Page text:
Cynthia Hesdra might not be as famous as Harriet Tubman, but the part she played in helping slaves attain freedom is no less important than that of her well-known counterpart.
Hesdra was once held as a slave, but after securing her freedom, she ran a laundry business and owned property in both Nyack and Greenwich Village. At her death in 1879, she had amassed a net worth of $100,000 — roughly $2.3 million in modern money. But arguably more impressive is the evidence suggesting she used her Nyack buildings as Underground Railroad locations. “The challenge in chronicling this period is that there was a great deal of effort to hide records,” says Bill Batson, chair of the Nyack Commemoration Committee. Hence, not much concrete proof exists.
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Still, enough evidence links Hesdra with the clandestine escape route: She owned the properties when Underground Railroad activity was at its peak, in the 1850s. She associated with known abolitionist John Towt, who helped establish the St. Phillips A.M.E. Zion Church; this church was considered by many as the Underground Railroad headquarters and counted Frederick Douglas and Sojourner Truth as members. Contemporary reports describe her as a conductor, and she is listed as such in the scholarly work The Underground Railroad: An Encyclopedia of People, Places, and Operations.
The Village of Nyack honored Hesdra in 2010 by renaming a portion of Piermont Avenue for her. But when an Underground Railroad museum was condemned for structural problems in 2013, the Commemoration Committee formed with the goal of finding a new way to pay homage to Hesdra and other local anti-slavery work. They applied and were selected by the Toni Morrison Society to participate in the Bench by the Road project. The initiative, begun by the Pulitzer-prize winning author of Beloved, installs benches to mark important places in African history. “The project creates connections between various points of the African Diaspora and all the people who were dislocated by slavery,” says Batson. “This Nyack bench connects the local history to the global narrative.”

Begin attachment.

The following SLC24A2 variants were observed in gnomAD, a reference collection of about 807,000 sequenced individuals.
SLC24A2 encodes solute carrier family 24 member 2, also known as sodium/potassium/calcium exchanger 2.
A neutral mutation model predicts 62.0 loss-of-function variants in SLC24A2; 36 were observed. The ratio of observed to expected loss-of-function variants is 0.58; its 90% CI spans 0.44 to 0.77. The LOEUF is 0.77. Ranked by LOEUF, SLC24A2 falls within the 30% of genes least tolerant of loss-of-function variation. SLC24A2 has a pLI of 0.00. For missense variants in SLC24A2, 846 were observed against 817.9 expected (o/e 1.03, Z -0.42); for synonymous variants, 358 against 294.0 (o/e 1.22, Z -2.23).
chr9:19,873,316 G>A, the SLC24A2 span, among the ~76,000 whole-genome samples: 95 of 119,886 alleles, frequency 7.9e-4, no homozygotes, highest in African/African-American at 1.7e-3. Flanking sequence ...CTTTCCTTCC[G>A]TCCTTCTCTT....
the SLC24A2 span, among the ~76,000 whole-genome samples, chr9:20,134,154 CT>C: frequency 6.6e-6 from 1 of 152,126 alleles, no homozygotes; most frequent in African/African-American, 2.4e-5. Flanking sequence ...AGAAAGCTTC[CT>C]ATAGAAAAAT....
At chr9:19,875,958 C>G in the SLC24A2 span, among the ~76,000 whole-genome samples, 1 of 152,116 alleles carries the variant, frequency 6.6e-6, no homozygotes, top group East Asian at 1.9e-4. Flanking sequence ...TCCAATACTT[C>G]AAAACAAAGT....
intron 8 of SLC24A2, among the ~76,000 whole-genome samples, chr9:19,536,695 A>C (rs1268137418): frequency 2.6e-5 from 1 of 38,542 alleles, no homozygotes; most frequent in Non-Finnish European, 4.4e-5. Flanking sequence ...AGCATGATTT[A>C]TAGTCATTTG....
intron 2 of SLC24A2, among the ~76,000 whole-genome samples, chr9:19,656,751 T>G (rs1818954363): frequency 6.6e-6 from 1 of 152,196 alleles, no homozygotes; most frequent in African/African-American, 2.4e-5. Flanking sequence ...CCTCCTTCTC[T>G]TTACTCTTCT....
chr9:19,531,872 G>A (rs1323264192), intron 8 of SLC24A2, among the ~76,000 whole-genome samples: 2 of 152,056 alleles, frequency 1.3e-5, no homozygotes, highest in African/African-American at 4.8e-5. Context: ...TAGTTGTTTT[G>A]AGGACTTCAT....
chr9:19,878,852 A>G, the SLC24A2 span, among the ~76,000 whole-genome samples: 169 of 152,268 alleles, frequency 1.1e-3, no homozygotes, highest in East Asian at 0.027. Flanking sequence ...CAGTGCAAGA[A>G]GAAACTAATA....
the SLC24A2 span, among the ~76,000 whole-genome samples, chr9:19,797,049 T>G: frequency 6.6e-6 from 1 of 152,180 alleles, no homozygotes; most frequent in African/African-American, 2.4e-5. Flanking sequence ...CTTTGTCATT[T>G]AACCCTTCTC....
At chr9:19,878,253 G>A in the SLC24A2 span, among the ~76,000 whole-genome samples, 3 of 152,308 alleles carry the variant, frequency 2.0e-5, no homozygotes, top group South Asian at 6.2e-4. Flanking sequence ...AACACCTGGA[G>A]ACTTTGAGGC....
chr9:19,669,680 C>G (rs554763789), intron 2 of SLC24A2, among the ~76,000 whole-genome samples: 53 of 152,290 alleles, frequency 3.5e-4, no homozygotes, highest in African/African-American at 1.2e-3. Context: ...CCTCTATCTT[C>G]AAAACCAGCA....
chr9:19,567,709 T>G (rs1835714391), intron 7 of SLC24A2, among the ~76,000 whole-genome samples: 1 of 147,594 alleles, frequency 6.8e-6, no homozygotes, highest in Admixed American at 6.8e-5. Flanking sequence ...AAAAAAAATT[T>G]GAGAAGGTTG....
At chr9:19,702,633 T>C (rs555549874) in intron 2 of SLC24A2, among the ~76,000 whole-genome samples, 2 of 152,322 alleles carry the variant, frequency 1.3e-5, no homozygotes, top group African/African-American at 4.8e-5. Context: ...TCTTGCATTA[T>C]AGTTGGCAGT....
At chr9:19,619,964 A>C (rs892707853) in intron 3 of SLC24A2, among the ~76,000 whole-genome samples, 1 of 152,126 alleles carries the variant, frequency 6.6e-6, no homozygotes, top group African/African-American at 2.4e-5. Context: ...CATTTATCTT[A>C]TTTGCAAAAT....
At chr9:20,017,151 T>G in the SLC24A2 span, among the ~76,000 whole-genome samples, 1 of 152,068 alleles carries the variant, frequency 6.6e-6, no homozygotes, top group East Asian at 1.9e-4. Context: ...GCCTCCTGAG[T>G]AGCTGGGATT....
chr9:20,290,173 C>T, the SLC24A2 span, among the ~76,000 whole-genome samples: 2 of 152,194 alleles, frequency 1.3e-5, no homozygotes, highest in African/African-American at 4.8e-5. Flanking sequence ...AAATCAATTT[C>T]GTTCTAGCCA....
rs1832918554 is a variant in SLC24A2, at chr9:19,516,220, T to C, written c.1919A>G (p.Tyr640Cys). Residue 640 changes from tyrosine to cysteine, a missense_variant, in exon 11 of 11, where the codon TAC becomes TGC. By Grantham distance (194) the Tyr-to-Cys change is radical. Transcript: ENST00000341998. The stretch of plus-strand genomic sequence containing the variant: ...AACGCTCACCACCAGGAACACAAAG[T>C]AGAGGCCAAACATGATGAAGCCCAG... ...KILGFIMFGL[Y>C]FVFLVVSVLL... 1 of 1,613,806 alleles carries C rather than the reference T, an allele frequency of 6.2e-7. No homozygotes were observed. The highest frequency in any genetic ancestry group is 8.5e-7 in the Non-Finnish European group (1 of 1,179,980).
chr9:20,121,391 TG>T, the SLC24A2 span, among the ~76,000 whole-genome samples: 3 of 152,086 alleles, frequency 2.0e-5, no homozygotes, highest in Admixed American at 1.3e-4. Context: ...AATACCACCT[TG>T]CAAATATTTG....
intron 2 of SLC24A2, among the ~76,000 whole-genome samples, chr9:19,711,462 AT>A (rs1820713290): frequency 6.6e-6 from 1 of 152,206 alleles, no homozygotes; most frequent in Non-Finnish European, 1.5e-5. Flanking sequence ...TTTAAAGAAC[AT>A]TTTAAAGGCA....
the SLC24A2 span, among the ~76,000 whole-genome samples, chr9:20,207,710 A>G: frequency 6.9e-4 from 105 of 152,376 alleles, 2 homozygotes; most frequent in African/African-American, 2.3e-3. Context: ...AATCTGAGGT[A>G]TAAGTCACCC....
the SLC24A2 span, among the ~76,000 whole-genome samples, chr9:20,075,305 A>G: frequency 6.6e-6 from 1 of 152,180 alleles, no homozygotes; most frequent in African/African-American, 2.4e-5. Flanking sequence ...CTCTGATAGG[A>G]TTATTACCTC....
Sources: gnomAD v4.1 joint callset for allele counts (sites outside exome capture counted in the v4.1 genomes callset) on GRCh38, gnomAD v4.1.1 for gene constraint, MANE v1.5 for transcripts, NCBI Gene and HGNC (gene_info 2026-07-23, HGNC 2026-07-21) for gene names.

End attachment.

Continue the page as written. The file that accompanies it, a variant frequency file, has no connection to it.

The Nyack bench is the 15th in the series (other locations include spots in Massachusetts, Georgia, and Martinique) and will be installed on May 18 in Memorial Park. A presentation detailing the lives of Cynthia Hesdra and Toni Morrison, as well as local African-American history, precedes a procession, the bench unveiling, and performances by the Nyack High School chamber orchestra, chorus, and jazz band. “It is easy to think of 21st-century Nyack as remote from the period when slavery was practiced in America. But if you follow the Hudson River to the north, you trace a route toward Canada and freedom, a journey that Cynthia Hesdra helped facilitate for escaping slaves [with property located] 400 yards from our bench,” Batson says. “This bench reminds us that when communities are faced with extraordinary difficulties, when they come together can do extraordinary things.”
If you go…
Bench by the Road Dedication Featuring Toni Morrison
When: Monday, May 18, 2:30-5 p.m.
Where: Nyack Center, 58 Depew Ave., Nyack (ceremony); Memorial Park, Piermont Ave., Nyack (dedication)